9 Earth Day tips
Earth Day is Friday, April 22. While its purpose is to spread awareness about our fragile environment, it’s also a great opportunity for business owners to showcase their eco-friendliness. Even if you’re not particularly green, consider: Research consistently shows that customers prefer eco-conscious businesses.
Here are nine ways to go green this Earth Day and every day, earn customer loyalty and save some green too.
- Emphasize your green-ness. Almost every firm can point to eco-friendly policies, products for services — what’s yours? Some businesses, like BDP client Triple R Recycling are thoroughly green, and make that a selling point. You have to be honest, however. If you use language like “green” or “organic,” be sure you’re telling the truth. “Organic” in particular is carefully defined and regulated by the U.S. Department of Agriculture, so if your product doesn’t meet these standards, legally you can’t use the term.
- Go paperless. How many bills do you pay online? For most of us, it’s all or nearly all of them. Why not do the same in your business? And what about those brochures, pamphlets, save the date cards and newsletters? Tell your employees to curtail their printing, too. At the very least, tell them to print on both sides of a sheet. According to the Florida Department of Environmental Protection, the average U.S. worker uses goes through 10,000 sheets of copy paper per year. That’s a lot of trees.
- Dial it back. Install a programmable thermostat. When no one is in the building (typically eight or more hours a day), it can adjust the temperature by 10 to 15 degrees Fahrenheit (cooler in the winter and warmer in the summer) and reduce energy bills by more than 10 percent.
- Turn it off. “Phantom” loads are power used keeping equipment in the “ready” mode. Use power strips to completely shut down energy consumption of equipment not in use. Digital equipment (computers, microwaves) uses 75 percent of their energy in standby mode. If a piece of equipment has a “black box” plug, it is using energy even when off.
- Ease off. Sure, gas is relatively cheap now, but for how much longer? We’ve already seen prices creep up recently, with more likely increases on the horizon. Try driving a bit slower — even under the speed limit, and always at a steady pace. If you have more than one car at your disposal, use the most energy-efficient one as often as possible. Avoid rush hour and peak traffic times when possible, too, when you can spend minutes sitting with both you and your car fuming. When the air conditioner is on, make sure the air is being recirculated instead of bringing in hot, outside air.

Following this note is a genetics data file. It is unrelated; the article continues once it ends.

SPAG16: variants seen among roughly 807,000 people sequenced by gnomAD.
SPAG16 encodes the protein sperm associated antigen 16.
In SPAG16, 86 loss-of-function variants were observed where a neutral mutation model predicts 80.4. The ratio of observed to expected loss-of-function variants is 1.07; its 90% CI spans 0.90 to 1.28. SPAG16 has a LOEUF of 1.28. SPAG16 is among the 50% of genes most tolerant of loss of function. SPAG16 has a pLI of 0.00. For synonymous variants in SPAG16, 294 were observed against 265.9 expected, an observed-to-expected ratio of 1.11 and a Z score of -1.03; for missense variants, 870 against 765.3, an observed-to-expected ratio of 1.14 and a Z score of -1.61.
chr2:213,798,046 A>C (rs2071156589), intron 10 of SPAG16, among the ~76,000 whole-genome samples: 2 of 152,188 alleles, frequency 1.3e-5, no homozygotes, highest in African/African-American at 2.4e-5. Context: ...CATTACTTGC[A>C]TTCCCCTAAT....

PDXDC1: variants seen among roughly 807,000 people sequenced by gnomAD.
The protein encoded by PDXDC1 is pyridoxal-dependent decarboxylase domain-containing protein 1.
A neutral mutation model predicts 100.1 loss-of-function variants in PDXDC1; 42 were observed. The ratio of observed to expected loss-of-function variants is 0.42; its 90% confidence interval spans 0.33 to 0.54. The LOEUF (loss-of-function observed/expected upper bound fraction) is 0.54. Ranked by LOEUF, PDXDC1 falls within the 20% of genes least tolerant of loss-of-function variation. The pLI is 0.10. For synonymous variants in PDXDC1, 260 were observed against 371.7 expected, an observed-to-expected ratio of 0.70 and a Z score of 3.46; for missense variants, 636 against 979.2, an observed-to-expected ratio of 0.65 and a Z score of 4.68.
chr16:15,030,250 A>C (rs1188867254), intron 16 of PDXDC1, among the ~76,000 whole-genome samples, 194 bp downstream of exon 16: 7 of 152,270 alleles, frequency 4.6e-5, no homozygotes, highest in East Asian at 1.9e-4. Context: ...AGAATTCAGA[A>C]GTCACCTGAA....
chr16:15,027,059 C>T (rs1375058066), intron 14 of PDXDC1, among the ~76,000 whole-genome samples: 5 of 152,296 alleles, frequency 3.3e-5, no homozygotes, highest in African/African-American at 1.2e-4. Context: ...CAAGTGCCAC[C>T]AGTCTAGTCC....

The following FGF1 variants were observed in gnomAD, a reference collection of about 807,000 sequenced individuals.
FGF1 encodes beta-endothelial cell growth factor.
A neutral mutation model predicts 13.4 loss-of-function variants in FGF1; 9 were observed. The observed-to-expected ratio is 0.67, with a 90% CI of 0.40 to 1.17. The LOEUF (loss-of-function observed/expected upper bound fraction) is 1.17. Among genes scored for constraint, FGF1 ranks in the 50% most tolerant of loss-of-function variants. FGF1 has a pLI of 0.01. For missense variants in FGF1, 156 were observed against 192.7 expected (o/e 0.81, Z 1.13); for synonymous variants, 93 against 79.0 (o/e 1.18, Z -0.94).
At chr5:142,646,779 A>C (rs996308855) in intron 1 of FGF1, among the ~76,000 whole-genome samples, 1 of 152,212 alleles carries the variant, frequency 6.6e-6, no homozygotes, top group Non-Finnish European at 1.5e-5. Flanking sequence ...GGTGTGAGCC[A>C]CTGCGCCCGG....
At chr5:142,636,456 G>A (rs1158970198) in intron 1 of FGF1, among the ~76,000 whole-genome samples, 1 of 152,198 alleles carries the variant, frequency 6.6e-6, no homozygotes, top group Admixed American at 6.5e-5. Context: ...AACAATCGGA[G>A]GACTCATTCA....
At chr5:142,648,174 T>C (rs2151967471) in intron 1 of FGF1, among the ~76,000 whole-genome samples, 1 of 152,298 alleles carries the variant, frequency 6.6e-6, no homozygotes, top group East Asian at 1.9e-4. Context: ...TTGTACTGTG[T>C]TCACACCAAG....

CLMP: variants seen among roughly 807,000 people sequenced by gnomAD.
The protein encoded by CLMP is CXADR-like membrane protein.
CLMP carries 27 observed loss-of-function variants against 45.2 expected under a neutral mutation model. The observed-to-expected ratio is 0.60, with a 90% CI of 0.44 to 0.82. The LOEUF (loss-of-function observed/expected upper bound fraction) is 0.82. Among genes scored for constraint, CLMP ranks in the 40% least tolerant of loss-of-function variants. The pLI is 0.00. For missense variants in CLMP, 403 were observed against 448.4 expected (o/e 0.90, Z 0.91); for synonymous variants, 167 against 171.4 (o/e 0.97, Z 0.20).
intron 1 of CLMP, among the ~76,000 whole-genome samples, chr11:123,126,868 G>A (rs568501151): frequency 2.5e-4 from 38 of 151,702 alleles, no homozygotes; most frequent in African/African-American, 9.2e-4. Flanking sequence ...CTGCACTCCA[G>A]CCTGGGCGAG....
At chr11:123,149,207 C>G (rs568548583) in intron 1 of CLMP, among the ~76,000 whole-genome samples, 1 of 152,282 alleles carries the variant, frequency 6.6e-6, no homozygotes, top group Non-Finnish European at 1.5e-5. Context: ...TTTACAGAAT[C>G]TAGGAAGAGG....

- Install high efficiency plumbing fixtures and appliances. Seen those automatic toilets and sinks? It’s hard not to. They’re everywhere these days. And they’re everywhere for a reason: Newer or automated toilets, pre-rinse spray valves, clothes washers, dishwashers, public sinks, kitchen and bathroom aerators and showerheads save significant amounts of water and money.
- Reduce shipping and packaging waste. Request that any materials be shipped in returnable containers. Replace cardboard boxes with durable, reusable boxes for shipments to your branch offices, stores and warehouses. Return, reuse and repair wooden pallets or find a supplier that uses resilient plastic pallets. Reuse foam packaging pellets (“peanuts”) and cardboard boxes, too, or find someone who will.
- Find profitable ways to re-use your business waste. Visit the Missouri Recycling Association’s (MORA) materials markets and exchanges page to see if you can donate, exchange or even sell your byproducts.
- Take advantage of tax credits and incentives. The federal Business Energy Investment Tax Credit (ITC) was expanded in 2008 and has been amended a number of times, most recently in December 2015. It now allows credits for solar energy, fuel cells, microturbines (small wind-energy systems), geothermal heat pumps and much, much more. The Database of State Incentives for Renewables & Efficiency (DSIRE) shows 59 energy incentives and policies in Missouri alone, ranging from a City of Kansas City solar easement and geothermal access credit to a St. Louis program that offers financing on everything from solar water heating and photovoltaics to ceiling fans.
Going green isn’t just hip. It can and should be profitable.
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